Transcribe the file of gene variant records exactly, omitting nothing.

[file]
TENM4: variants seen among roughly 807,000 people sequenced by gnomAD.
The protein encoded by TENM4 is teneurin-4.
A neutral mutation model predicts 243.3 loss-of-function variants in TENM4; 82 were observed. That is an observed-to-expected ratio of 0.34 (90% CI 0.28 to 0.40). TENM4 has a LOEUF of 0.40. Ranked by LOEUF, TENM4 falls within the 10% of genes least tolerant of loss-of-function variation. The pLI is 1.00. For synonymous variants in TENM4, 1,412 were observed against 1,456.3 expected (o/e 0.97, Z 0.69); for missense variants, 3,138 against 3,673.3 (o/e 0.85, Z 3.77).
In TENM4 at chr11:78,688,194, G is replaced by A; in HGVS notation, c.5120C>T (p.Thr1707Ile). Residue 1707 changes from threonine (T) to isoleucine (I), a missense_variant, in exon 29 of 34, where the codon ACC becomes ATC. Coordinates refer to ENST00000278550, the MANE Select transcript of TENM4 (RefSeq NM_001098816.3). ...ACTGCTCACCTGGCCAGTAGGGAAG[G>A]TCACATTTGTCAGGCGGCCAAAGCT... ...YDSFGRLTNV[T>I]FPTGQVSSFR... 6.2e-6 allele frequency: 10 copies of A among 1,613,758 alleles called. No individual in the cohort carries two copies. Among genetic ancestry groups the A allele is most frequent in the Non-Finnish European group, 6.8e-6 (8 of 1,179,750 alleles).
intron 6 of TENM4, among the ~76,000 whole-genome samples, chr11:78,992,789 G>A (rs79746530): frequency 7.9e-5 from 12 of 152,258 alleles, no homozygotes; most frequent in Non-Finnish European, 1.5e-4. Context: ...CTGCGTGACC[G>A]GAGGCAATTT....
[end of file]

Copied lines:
TENM4: variants seen among roughly 807,000 people sequenced by gnomAD.
The protein encoded by TENM4 is teneurin-4.
A neutral mutation model predicts 243.3 loss-of-function variants in TENM4; 82 were observed. That is an observed-to-expected ratio of 0.34 (90% CI 0.28 to 0.40). TENM4 has a LOEUF of 0.40. Ranked by LOEUF, TENM4 falls within the 10% of genes least tolerant of loss-of-function variation. The pLI is 1.00. For synonymous variants in TENM4, 1,412 were observed against 1,456.3 expected (o/e 0.97, Z 0.69); for missense variants, 3,138 against 3,673.3 (o/e 0.85, Z 3.77).
In TENM4 at chr11:78,688,194, G is replaced by A; in HGVS notation, c.5120C>T (p.Thr1707Ile). Residue 1707 changes from threonine (T) to isoleucine (I), a missense_variant, in exon 29 of 34, where the codon ACC becomes ATC. Coordinates refer to ENST00000278550, the MANE Select transcript of TENM4 (RefSeq NM_001098816.3). ...ACTGCTCACCTGGCCAGTAGGGAAG[G>A]TCACATTTGTCAGGCGGCCAAAGCT... ...YDSFGRLTNV[T>I]FPTGQVSSFR... 6.2e-6 allele frequency: 10 copies of A among 1,613,758 alleles called. No individual in the cohort carries two copies. Among genetic ancestry groups the A allele is most frequent in the Non-Finnish European group, 6.8e-6 (8 of 1,179,750 alleles).
intron 6 of TENM4, among the ~76,000 whole-genome samples, chr11:78,992,789 G>A (rs79746530): frequency 7.9e-5 from 12 of 152,258 alleles, no homozygotes; most frequent in Non-Finnish European, 1.5e-4. Context: ...CTGCGTGACC[G>A]GAGGCAATTT....